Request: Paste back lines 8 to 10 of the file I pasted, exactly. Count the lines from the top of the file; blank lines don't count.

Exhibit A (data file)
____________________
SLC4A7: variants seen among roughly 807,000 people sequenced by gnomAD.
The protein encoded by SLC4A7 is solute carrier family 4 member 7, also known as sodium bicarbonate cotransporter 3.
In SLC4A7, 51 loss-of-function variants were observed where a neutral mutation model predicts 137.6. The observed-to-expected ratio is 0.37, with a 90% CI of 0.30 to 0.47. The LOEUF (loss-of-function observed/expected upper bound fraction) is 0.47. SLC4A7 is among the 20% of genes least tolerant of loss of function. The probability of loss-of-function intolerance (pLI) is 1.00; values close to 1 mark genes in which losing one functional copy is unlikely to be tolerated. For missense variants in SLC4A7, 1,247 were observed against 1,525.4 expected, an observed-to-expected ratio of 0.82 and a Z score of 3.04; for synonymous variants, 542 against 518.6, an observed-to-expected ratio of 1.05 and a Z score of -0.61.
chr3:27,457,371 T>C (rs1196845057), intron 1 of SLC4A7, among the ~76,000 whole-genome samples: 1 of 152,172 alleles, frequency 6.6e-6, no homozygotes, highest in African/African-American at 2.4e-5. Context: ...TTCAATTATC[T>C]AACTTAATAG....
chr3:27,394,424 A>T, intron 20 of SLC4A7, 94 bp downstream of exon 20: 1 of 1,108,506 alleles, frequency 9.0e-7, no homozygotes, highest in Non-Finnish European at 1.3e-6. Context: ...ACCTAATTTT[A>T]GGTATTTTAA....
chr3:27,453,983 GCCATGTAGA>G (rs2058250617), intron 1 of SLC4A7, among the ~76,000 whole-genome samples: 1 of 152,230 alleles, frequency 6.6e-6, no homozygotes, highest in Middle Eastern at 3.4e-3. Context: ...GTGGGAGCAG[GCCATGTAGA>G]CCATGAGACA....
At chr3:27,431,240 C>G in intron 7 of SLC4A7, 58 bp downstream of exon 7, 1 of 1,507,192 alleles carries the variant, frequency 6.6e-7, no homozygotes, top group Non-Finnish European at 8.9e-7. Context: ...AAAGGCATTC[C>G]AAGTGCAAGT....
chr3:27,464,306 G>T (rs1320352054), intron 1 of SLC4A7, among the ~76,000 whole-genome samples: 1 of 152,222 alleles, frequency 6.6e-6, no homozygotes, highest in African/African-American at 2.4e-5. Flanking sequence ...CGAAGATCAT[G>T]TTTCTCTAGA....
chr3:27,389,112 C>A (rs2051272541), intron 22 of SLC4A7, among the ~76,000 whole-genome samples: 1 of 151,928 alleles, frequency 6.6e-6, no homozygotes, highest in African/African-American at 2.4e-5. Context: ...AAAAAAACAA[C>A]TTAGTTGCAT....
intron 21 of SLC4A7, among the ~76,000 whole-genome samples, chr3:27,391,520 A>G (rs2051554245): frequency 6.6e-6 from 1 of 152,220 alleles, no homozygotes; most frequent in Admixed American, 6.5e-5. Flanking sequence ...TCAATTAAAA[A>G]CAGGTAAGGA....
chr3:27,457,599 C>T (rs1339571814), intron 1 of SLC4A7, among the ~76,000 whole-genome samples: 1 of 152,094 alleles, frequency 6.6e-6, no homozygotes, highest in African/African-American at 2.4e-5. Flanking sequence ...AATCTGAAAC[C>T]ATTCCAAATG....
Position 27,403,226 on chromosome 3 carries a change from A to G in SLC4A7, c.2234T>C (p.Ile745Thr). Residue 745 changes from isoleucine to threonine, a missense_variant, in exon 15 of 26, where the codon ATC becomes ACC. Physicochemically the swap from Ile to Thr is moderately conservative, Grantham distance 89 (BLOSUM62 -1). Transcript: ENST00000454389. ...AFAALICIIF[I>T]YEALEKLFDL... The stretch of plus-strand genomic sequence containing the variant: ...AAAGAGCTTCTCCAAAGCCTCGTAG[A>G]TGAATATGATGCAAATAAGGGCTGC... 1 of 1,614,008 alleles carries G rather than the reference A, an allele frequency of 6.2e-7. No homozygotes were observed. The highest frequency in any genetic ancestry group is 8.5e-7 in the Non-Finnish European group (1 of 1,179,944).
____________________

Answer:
chr3:27,464,306 G>T (rs1320352054), intron 1 of SLC4A7, among the ~76,000 whole-genome samples: 1 of 152,222 alleles, frequency 6.6e-6, no homozygotes, highest in African/African-American at 2.4e-5. Flanking sequence ...CGAAGATCAT[G>T]TTTCTCTAGA....
chr3:27,389,112 C>A (rs2051272541), intron 22 of SLC4A7, among the ~76,000 whole-genome samples: 1 of 151,928 alleles, frequency 6.6e-6, no homozygotes, highest in African/African-American at 2.4e-5. Context: ...AAAAAAACAA[C>A]TTAGTTGCAT....
intron 21 of SLC4A7, among the ~76,000 whole-genome samples, chr3:27,391,520 A>G (rs2051554245): frequency 6.6e-6 from 1 of 152,220 alleles, no homozygotes; most frequent in Admixed American, 6.5e-5. Flanking sequence ...TCAATTAAAA[A>G]CAGGTAAGGA....